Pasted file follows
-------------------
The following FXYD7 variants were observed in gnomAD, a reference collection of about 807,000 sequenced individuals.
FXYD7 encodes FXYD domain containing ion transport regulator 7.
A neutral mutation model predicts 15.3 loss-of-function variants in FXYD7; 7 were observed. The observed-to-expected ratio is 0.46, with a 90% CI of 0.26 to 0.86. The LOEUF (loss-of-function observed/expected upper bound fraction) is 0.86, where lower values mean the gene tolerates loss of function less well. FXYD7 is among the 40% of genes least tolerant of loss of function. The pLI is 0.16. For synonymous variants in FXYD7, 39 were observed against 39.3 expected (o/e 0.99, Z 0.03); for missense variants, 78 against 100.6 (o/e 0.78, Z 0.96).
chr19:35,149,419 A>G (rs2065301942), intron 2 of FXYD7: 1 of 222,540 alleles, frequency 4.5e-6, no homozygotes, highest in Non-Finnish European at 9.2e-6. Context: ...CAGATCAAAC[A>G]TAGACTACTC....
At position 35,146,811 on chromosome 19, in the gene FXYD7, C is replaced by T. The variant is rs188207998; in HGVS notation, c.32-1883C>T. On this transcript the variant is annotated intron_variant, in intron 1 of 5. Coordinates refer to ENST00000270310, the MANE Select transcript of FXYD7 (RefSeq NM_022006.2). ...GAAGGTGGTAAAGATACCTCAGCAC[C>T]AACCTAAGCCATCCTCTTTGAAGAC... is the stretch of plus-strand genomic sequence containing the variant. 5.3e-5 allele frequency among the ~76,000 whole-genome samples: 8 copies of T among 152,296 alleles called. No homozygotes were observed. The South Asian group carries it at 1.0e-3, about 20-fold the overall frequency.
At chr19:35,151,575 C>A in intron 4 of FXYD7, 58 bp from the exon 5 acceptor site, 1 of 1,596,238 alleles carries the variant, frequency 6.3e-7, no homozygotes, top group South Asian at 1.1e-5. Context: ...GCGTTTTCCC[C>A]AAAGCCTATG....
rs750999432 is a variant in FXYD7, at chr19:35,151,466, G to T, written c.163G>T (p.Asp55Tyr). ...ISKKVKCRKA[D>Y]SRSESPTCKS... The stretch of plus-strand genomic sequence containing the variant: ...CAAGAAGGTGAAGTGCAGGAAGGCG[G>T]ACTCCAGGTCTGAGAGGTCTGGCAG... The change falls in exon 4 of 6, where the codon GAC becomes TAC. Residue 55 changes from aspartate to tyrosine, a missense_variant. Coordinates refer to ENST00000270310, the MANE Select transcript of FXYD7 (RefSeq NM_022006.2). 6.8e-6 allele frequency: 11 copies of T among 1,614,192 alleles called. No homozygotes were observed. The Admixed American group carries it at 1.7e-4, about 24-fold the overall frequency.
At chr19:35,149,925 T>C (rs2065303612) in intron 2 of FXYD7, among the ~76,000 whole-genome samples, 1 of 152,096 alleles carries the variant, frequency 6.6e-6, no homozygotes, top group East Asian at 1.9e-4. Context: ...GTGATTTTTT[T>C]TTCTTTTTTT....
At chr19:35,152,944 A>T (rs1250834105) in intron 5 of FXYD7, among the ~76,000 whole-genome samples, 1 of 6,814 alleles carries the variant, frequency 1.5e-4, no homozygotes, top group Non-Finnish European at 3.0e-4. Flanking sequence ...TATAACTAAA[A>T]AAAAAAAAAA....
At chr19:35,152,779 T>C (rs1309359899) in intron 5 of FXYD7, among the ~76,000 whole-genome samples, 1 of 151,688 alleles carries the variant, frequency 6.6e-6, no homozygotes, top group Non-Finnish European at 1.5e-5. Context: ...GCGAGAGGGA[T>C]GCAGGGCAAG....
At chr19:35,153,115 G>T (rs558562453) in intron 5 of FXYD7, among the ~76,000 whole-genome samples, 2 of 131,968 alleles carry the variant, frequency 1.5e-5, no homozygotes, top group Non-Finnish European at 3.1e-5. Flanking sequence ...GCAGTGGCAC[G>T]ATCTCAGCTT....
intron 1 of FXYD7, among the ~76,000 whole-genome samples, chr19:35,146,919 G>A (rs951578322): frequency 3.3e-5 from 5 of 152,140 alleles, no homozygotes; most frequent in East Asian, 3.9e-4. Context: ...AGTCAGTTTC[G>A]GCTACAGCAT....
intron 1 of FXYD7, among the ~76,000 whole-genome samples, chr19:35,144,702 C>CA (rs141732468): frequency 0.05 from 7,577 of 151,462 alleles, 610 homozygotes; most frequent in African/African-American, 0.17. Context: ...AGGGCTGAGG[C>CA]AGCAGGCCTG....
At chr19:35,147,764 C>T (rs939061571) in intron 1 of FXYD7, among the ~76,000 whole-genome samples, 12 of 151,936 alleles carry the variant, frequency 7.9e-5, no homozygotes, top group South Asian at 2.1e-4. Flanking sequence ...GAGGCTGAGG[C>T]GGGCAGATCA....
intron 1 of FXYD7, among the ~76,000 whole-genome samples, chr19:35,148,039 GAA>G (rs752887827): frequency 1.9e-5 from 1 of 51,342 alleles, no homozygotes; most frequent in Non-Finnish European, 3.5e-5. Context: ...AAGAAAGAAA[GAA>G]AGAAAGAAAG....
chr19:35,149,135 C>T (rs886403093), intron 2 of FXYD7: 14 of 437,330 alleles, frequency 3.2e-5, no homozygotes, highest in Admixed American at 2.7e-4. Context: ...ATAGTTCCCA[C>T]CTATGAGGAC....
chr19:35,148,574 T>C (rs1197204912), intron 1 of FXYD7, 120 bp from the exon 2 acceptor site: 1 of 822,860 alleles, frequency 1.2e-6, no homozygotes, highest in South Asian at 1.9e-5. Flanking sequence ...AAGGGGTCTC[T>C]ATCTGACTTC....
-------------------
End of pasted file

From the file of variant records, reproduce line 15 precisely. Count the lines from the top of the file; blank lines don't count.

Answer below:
intron 1 of FXYD7, among the ~76,000 whole-genome samples, chr19:35,148,039 GAA>G (rs752887827): frequency 1.9e-5 from 1 of 51,342 alleles, no homozygotes; most frequent in Non-Finnish European, 3.5e-5. Context: ...AAGAAAGAAA[GAA>G]AGAAAGAAAG....